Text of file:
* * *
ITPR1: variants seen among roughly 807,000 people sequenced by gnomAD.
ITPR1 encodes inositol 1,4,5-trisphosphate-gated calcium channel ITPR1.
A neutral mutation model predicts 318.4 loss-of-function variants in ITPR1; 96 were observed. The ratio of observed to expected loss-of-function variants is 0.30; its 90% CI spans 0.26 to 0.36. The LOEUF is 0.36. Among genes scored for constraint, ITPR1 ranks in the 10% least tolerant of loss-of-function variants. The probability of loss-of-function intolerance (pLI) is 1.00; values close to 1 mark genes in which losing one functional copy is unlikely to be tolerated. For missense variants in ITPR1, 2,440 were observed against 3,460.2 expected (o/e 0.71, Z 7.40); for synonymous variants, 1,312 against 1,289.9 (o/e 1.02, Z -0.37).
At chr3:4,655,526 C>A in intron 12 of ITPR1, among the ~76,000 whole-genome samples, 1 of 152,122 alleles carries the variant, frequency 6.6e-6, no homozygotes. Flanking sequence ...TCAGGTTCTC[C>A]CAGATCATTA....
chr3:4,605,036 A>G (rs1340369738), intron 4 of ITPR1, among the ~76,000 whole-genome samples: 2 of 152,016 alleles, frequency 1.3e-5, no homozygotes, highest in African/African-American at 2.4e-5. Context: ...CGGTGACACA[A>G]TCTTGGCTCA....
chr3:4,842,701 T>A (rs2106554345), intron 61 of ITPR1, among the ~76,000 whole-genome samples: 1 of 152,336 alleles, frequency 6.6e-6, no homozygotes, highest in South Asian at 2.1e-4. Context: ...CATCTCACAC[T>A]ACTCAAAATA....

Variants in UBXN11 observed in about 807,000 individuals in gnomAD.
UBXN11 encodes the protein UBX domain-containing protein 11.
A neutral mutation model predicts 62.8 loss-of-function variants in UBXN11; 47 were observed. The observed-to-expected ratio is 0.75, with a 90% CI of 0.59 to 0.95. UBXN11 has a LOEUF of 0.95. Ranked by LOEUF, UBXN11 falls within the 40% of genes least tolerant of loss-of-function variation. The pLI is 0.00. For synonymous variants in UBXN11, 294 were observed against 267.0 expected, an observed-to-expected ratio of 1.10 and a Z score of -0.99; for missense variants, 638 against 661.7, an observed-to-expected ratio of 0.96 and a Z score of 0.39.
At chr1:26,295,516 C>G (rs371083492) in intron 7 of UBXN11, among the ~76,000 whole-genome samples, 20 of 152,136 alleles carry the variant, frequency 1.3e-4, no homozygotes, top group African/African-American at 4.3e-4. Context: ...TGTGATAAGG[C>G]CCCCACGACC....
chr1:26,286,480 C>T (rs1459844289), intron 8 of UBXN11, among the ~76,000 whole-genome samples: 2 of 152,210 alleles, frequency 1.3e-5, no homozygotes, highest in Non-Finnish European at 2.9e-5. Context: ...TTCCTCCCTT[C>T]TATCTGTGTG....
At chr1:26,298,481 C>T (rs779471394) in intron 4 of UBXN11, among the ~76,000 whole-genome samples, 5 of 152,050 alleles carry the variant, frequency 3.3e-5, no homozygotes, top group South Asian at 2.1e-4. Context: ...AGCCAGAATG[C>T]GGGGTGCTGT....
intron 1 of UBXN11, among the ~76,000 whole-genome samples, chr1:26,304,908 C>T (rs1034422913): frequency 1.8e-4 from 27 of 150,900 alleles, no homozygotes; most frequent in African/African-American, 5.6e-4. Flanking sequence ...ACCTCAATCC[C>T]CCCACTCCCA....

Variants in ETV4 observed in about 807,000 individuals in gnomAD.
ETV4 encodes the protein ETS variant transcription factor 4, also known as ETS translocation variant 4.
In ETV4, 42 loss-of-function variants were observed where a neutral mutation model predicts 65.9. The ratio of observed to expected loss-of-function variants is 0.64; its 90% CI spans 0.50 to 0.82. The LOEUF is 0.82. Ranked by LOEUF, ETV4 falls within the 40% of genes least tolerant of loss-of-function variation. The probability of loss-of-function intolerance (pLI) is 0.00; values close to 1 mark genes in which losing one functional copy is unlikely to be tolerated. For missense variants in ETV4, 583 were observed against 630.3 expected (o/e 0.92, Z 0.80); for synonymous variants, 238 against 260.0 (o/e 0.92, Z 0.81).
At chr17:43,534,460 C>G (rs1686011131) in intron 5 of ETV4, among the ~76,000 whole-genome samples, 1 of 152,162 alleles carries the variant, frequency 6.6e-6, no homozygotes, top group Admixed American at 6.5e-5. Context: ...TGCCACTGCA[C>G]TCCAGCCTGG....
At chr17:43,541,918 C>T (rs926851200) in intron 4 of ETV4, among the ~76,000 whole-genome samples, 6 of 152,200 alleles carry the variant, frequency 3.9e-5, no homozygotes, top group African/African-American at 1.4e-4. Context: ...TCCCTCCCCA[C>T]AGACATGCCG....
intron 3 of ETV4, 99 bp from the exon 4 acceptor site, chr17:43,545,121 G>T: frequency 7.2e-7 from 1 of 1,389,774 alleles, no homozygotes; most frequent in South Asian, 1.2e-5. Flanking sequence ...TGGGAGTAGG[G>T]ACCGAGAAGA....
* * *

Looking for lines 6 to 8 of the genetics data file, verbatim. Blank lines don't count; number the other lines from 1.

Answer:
chr3:4,842,701 T>A (rs2106554345), intron 61 of ITPR1, among the ~76,000 whole-genome samples: 1 of 152,336 alleles, frequency 6.6e-6, no homozygotes, highest in South Asian at 2.1e-4. Context: ...CATCTCACAC[T>A]ACTCAAAATA....

Variants in UBXN11 observed in about 807,000 individuals in gnomAD.
UBXN11 encodes the protein UBX domain-containing protein 11.